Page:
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Delay in ratifying new boundaries ‘may have harmful effect on diversity’ at council elections

05 Nov 2021 3 minute read
Catrin Wager

A councillor has claimed the Minister’s delay in ratifying council ward changes may have a knock-on effect on the diversity of candidates standing in next year’s elections. 

The Council Elections are due to be held in May of next year, and the Minister finished approving the Local Democracy and Boundary Commission for Wales’ recommendations in September.

But Catrin Elen Wager, who represents the Menai ward in Gwynedd, claimed that the Ministers’ delay in ratifying changes may have a knock-on effect on the diversity of councillors.

She said that older, male, richer candidates had more flexibility to stand while others couldn’t decide “at the drop of a hat” to do so.

Her city of Bangor is set to lose four councillors as a result of the Boundary Commission’s changes, a move Cllr. Wager and colleagues have criticised.

“The initial changes to Gwynedd’s boundaries, despite being proposed in mid-2018, were ratified just six months before the elections are due to be held in 2022,” she said.

“I’m concerned that the delay in formalising the changes may directly impact the diversity of the candidates that will stand in next year’s elections. 

“Not giving people sufficient time to consider something that completely alters your day-to-day life is unfair. 

“Let’s consider the situation we’re in. There are 54 per cent more male councillors than there are female councillors. The percentage of men in the 45-65 age range elected in the 2017 election increased by 18.18 per cent. Female councillors fell by almost five per cent, and there isn’t a single member of the council younger than 30.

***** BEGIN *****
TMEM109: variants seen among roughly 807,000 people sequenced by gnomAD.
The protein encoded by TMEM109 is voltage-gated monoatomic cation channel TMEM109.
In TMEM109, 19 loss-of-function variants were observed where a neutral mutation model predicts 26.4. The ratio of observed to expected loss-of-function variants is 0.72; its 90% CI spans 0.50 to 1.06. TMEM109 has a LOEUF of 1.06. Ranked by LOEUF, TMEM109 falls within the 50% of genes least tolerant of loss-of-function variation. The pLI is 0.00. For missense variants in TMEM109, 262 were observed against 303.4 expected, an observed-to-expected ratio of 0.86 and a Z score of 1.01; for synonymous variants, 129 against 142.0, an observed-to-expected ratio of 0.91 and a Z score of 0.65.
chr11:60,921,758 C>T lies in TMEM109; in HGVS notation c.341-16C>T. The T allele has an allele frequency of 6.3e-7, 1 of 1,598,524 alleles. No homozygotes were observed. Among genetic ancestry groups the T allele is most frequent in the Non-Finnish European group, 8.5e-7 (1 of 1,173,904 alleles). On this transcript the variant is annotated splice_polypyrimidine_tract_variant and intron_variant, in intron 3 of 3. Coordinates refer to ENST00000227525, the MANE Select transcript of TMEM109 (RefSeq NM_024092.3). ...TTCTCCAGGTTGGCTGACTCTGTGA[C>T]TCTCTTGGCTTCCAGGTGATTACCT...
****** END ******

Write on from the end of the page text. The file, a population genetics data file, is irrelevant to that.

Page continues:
“But very often, individuals that fit these demographic profiles are the ones that can’t afford to decide at the drop of a hat to stand for election.”


She said that as a mother with day-to-day parenting responsibilities, choosing to stand in 2017 wasn’t a decision she took lightly. 

“A lot of young people face uncertain employment, high housing costs and may well have student loans to pay off,” she said. “Making a spontaneous decision to stand for election often just isn’t possible. 

“There are challenges facing women, young people, and other marginalised communities, that simply don’t affect middle-aged men that might be retired, semi-retired, or financially well-off, for example.”

She urged any women who wanted to stand for Plaid Cymru to get in touch.

“I’m part of a team who are organising an event that specifically aims to encourage women to stand for election in Gwynedd next year,” she said.

“We need council candidates that reflect our society as a whole.”

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